Mary Earps on England’s World Cup agony, her fight with Nike, and making goalkeeping cool

The Lionesses goalkeeper speaks exclusively with ITV News' Sports Editor, Steve Scott.

England goalkeeper Mary Earps says she “is not quite there yet” on feeling proud of her World Cup performance, following the Lionesses’ defeat against Spain in last month’s final.

‘‘You know deep down somewhere in your body that it’s very hard to get to a World Cup final, and it’s something that people only dream of.’’ 

Earps says that she has stopped reliving that night in Sydney. ‘‘I’m not so much replaying it now’’, she told ITV News. ‘‘I think that would be a brutal form of therapy.’’ 

The England and Manchester revealed she forced herself to smile when she was presented with the FIFA Golden Glove - an award given to the tournament’s best goalkeeper - in the minutes after the final whistle. 

England goalkeeper Mary Earps was awarded the Golden Glove at the Women's World Cup. Credit: PA Images

‘‘I’m just not very good at hiding things. What you see is what you get’’, Earps explained to ITV News’ Sports Editor, Steve Scott. 

‘‘I just kept thinking about my loved ones really, and thinking about what that moment would also mean to them’’, she said. ‘‘And if there could be a picture where I don’t look miserable as sin, you know, that'll be a really nice photo to look back on and for them to have. I remember just feeling really, I don't know, sombre at the time, but trying to clap.’’

Earps’ had caused a social-media stir after saving a critical penalty from Spain’s Jenni Hermoso, preventing England from going 2-0 down. After her teammates ran to her in celebration, Earps’ x-rated shout became a viral hit.

‘‘That was wild, yeah, that was crazy’’, she said. ‘’There was so much emotion around that… so much passion, I think you could see.’’

‘‘People who don't know me and maybe have only watched football once in their lifetime and would maybe have this perception that I'm not a very nice person and that I'm some sort of ogre’’, Earps said. ‘‘It's hard to apologise for being myself and how to apologise for such an emotionally charged moment.’’

Earps sat down with ITV News 24 hours after the resignation of Spanish FA president Luis Rubiales, following weeks of global outcry surrounding his unsolicited kiss on Hermoso.

The England goalkeeper says the controversy ‘‘overshadowed’’ the success of a ''fantastic'' 'Spanish team who had already faced ‘‘a lot of adversity.’’

‘‘I think there's still things that need to change’’, Earps said. ‘‘More things [need] to improve in the fight for equality. I think the conversation around equality always sort of centres around equal pay. And I don't think that that's even part of this discussion, it's in other areas we are really focused on’’

But Earps is clear that the Lionesses' success on the pitch has given them a platform and a voice.

‘‘When you're not successful, the doors are very much closed and it's sort of like okay, come back when you're worthy of being listened to.’’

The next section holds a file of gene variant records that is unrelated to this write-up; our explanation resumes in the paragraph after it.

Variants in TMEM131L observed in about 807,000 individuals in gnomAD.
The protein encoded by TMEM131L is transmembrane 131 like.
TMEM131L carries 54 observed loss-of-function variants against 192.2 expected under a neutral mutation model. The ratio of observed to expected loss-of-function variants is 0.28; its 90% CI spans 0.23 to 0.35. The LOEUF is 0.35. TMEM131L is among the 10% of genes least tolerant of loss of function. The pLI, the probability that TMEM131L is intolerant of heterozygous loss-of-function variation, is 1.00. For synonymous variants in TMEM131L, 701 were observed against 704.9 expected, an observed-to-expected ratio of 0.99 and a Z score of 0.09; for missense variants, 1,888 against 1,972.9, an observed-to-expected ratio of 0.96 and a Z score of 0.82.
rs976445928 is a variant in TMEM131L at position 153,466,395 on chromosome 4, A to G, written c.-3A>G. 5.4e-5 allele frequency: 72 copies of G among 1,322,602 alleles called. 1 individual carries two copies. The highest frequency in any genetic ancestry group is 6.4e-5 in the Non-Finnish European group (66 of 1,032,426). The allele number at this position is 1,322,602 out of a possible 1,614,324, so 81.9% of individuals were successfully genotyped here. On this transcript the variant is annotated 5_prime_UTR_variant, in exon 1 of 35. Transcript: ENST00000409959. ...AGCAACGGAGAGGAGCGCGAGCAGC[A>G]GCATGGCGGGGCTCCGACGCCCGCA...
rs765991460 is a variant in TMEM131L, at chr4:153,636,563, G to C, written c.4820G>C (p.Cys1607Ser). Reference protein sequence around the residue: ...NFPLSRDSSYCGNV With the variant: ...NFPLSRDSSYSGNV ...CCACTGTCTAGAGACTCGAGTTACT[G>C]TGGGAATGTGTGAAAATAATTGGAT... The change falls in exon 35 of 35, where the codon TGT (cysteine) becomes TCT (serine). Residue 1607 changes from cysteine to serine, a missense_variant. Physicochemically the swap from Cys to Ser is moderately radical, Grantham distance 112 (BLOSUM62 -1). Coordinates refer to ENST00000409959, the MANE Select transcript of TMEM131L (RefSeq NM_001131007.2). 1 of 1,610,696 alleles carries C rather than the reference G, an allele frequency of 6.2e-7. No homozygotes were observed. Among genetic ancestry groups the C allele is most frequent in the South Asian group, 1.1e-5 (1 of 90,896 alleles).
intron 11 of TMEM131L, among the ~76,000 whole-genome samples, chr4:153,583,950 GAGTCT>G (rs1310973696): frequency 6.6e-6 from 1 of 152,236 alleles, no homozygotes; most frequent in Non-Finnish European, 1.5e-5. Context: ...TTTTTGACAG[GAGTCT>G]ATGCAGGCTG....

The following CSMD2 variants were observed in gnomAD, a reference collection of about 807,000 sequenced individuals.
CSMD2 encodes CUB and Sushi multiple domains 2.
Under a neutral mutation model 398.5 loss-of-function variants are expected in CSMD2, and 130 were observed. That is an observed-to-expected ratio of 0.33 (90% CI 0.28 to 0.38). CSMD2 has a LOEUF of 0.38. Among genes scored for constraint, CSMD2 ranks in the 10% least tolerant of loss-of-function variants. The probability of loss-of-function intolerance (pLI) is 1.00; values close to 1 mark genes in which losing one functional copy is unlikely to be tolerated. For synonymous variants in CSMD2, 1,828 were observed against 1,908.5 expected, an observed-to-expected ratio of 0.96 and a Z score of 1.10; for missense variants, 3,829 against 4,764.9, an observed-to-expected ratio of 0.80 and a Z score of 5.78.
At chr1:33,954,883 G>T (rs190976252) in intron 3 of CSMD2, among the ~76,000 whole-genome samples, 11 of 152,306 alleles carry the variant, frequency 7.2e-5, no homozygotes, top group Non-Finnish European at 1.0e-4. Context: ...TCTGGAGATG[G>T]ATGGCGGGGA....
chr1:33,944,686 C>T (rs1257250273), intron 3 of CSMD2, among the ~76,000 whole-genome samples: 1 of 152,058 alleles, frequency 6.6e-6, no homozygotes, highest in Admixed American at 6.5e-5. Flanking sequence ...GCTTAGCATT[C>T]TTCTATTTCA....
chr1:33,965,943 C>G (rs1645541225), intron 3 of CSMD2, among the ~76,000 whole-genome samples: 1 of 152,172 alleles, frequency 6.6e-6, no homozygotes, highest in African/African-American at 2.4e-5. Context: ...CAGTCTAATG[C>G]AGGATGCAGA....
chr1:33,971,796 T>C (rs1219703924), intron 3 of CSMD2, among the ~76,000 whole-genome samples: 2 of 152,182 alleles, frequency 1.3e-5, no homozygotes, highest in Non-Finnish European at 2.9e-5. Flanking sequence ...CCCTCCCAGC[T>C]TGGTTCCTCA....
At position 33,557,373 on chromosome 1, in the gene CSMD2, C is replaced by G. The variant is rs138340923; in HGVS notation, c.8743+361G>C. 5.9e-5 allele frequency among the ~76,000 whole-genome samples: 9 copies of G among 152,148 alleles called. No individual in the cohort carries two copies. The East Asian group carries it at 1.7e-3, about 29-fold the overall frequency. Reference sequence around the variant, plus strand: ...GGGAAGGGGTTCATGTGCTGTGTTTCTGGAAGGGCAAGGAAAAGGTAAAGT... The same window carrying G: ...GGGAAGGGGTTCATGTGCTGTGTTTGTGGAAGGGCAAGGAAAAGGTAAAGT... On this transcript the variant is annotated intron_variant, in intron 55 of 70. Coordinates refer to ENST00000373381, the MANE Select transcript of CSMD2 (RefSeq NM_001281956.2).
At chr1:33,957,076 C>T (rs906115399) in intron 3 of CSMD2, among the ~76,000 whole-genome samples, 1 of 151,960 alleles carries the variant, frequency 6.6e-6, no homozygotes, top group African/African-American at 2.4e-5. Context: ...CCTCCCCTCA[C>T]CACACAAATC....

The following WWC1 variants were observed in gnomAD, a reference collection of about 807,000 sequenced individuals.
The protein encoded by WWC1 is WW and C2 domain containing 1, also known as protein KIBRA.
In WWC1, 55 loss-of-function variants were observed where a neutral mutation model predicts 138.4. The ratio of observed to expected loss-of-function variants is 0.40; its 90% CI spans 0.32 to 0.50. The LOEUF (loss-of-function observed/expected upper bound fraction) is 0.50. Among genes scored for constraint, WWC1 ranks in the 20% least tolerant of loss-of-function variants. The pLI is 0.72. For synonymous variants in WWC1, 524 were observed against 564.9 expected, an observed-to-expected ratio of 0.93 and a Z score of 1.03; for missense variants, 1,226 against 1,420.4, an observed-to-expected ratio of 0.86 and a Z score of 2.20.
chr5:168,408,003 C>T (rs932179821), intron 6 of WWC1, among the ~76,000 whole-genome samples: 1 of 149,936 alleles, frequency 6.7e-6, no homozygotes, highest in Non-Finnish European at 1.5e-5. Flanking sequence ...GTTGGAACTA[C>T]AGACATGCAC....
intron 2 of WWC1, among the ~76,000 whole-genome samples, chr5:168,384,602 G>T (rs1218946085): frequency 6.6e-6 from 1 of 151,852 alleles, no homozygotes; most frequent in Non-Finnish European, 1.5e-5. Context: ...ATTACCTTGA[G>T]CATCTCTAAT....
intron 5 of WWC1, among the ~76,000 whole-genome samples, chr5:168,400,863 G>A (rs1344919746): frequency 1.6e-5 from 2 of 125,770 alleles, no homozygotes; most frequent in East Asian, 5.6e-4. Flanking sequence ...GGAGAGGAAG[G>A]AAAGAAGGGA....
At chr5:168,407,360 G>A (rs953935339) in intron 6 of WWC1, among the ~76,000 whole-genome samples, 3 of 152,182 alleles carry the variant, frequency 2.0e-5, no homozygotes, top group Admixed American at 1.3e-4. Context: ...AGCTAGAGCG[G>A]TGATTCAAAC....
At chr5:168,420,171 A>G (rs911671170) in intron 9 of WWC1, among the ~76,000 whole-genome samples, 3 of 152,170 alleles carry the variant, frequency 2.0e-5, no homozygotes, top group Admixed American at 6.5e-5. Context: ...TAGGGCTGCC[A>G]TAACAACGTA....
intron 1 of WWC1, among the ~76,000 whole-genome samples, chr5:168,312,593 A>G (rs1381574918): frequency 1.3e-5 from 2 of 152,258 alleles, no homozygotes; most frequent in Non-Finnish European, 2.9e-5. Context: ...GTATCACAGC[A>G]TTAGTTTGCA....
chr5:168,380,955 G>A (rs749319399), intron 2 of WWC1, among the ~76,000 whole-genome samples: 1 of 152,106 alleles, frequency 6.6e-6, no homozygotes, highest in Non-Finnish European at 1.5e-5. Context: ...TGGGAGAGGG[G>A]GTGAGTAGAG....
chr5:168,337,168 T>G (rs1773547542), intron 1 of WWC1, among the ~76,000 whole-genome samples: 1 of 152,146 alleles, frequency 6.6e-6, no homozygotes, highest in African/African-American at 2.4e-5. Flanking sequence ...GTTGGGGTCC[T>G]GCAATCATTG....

The Lionesses are still embroiled in a pay dispute with the FA. Ahead of their tournament opener against Haiti, the squad shared an open letter expressing their ‘‘disappointment’’. The disagreement centres on the allocation of tournament prize money, paid out by FIFA. 

The players agreed to ‘‘pause’’ negotiations for the duration of the World Cup and Earps said she expects the negotiations to conclude amicably. 

‘‘Nobody wants to fight with anyone. Everyone's here to all sing off the same hymn sheet or push the game in the right direction. And I'm sure if we all want that we'll all have a positive conclusion.''

Earps added: ‘‘And we're due to meet up really soon. And I think that'll be now everyone's had a little bit of time to rest and digest and process we can we can pick up those conversations and move forward as a collective.’’

Her own public row with Nike over their refusal to sell a replica of Earps’ goalkeeper shirt ended in a u-turn, as the sports giant agreed to market a ‘‘limited quantities’’ of her green jersey. 

‘‘I feel really strongly that there's a large group of people who are not being served by our main sponsor’’, Earps says. ‘‘And it's a really damaging message to send to young kids. And that again, just ties into my passion for football, my passion for goalkeeping. I feel really strongly about making goalkeeping cool and making it accessible to people.’’

Earps says the Nike campaign was ‘‘a bit of a pinch me’’ moment. 

‘‘I never expected to make any sort of change. I just guess I wanted to feel like a little bit heard and I wanted also for the fans to know that I have really been trying hard and fighting for them’’, she says. ‘‘And that was really what it was about. It wasn't about, I don't know, trying to kick up a stink and make a big, big tidal wave. It was simply to let the fans know that hey, this isn't right.’’

Meanwhile, Earps wouldn’t be drawn on her future at Manchester United, amid speculation that she will shortly leave the club for Arsenal.

Asked about the future of women's football, Earps said: ‘‘I would like it to look shiny with trophies. And yeah, lots of success, lots of good memories, and hopefully plenty of packed out stadiums.’’

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